“The Year of Magical Thinking,” through Saturday, August 25, Booth Theater, 222 West 45th Street. $76.25 to $96.25. 212-239-6200.
The bumper stickers that read “support the troups” may have succeeded in polarizing Americans who have opposing views on the current war and the need to sacrifice the lives of young men and women in a mission that is largely political and charged with propaganda. All wars are hell for those who have to fight them but for some it brings out the best in them. Stephen Lang, a terrific, sturdy, and tough-looking actor, has adapted Larry Smith’s book (of the same name) in which two dozen recipients of the Medal of Honor are interviewed.
In the more condensed play, Lang portrays only eight of these decorated veterans but they are each given an essential individuality that sets them distinctly apart from one another. Among them are the 97-year-old Navy Lt. John William Finn, a Pearl Harbor survivor who, although wounded, “secured and manned a 50 caliber machine gun in a completely exposed area under heavy enemy machine gun strafing fire;” Lewis Millett, who deserted the U.S. Army in October 1941 and enlisted in the Canadian Army only to end up ironically a hero of the Korean War; farmboy Nick Bacon, who says “I enjoyed combat. I enjoyed the game”; and Daniel K. Inouye, the Democratic Senator from Hawaii who served during World War II in the 442nd (Nisei) Regimental Combat Team; and deceased former Senator James Stockdale, a prisoner of war in North Vietnam for seven-and-a-half years and Ross Perot’s running mate during the 1992 presidential election.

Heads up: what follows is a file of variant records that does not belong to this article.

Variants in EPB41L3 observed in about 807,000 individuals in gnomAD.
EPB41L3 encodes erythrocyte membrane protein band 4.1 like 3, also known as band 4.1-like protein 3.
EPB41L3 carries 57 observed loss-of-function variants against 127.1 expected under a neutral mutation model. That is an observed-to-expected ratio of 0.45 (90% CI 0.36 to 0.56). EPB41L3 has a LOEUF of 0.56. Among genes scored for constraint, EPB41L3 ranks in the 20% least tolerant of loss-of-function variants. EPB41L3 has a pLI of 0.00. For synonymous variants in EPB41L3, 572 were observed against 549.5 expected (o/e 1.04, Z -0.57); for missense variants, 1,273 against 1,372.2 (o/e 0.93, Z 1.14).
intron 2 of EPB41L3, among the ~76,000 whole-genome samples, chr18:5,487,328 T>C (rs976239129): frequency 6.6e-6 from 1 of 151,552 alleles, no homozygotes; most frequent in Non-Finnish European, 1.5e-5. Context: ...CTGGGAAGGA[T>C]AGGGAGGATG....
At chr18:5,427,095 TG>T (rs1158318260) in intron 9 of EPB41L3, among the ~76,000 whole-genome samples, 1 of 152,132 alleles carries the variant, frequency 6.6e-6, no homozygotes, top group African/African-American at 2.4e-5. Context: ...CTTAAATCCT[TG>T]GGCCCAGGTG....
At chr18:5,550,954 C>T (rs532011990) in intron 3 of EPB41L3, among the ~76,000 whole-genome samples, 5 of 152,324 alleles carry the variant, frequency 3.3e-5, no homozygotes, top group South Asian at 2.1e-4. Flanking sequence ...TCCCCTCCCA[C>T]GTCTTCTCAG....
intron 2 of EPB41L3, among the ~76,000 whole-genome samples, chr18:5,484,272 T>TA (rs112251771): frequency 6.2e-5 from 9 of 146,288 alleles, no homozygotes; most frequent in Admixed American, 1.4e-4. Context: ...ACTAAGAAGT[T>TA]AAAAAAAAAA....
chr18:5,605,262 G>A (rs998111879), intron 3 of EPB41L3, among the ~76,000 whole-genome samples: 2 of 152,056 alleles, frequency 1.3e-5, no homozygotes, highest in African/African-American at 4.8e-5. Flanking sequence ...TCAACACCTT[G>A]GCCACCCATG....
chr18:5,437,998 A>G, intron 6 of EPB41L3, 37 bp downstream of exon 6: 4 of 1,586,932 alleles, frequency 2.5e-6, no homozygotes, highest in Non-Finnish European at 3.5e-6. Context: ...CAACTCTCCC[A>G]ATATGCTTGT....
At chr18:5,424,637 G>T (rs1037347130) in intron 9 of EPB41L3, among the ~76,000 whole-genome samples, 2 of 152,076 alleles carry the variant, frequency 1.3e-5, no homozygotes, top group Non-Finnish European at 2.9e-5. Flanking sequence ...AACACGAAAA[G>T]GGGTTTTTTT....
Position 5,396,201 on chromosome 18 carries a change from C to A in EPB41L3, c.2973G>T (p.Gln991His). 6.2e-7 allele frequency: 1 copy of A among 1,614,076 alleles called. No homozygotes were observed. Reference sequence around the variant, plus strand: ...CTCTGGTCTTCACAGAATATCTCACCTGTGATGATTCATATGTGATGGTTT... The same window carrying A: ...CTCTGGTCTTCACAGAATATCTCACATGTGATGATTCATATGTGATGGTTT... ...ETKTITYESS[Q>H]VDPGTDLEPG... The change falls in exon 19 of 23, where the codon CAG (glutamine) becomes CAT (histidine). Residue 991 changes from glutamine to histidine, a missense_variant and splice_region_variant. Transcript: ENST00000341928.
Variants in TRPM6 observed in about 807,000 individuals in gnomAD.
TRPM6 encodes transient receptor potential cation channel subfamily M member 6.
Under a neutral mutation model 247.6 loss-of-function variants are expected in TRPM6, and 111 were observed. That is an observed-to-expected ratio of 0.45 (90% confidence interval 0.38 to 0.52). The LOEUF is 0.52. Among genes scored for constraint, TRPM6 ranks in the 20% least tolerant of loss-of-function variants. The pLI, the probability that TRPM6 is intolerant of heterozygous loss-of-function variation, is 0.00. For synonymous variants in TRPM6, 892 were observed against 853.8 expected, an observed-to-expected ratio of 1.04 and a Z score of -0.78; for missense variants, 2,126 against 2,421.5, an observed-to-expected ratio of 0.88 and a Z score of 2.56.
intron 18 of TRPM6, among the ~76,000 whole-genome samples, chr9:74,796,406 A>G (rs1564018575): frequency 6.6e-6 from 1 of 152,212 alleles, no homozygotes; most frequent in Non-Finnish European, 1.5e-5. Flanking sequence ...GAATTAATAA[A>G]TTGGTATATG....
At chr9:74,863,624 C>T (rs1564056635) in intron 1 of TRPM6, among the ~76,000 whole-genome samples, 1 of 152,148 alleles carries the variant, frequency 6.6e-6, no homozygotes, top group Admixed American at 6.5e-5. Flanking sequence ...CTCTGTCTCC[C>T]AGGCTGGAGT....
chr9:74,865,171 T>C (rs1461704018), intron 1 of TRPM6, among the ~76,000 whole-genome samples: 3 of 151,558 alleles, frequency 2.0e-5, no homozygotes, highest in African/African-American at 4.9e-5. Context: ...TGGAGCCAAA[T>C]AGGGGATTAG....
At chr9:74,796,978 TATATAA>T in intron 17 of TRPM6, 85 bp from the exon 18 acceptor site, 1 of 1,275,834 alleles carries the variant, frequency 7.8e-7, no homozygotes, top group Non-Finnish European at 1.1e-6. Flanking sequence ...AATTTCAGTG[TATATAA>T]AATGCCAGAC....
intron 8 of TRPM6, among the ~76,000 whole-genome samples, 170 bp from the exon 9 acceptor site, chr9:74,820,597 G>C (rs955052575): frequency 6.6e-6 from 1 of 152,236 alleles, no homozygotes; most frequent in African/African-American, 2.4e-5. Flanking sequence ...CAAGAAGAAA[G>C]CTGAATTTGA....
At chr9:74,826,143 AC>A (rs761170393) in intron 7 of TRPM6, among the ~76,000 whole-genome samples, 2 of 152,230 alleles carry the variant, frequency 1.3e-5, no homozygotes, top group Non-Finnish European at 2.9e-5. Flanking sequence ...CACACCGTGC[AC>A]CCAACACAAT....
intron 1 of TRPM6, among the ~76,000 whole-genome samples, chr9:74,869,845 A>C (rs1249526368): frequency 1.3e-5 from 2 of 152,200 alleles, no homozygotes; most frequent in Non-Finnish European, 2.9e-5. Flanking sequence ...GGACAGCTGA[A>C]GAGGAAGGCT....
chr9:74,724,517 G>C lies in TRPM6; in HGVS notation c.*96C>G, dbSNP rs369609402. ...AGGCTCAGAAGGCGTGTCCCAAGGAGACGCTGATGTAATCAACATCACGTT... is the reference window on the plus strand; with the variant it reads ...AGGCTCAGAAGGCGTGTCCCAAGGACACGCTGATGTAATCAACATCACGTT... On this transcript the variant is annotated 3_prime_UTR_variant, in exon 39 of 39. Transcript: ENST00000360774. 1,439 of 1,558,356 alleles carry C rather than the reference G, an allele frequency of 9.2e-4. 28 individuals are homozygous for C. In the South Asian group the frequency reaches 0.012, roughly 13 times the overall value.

Lang, whose grey hair is buzzed and whose body implies that he has just completed six weeks at boot camp, may rely on some stereotypically macho body language. But his countenance is varied and crafty enough to create distinct and memorable portraits of soldiers with different ethnic, social, and economic backgrounds and in the different branches of service. Aside from exchanging articles of clothing taken from a trunk, Lang allows eight heroes an opportunity to remind us that they do, indeed, deserve the citation (read as a voice-over) they received.
Except for fine direction provided by Robert Falls and some projections of rice paddies and documents, there is little additional enhancement of the text. Although the stories, told as interviews, reveal torture, the loss of limbs, and the effects of imprisonment, they mainly consider the underlying, but often inexplicable, spirit and attitude of the soldier under fire. You will also get a charge from the story that Finn tells of the bombing of Pearl Harbor on Sunday morning December 7, 1941, just as he was beginning to make love to his wife. He was so angered by the interruption that he ran to the nearby airlines hanger and grabbed a machine gun and, despite being wounded, fired at them for two and a half hours.
The excellence of the script is in its regard for each soldier’s personal assessment of his actions: doing what had to be done without regard for his own survival. This is a humbling and inspiring play. HHH
“Beyond Glory,” through Sunday, August 19, the Roundabout Theater at the Laura Pels Theater, 111 West 46th Street. $56.25 to $66.25. 212-719-1300.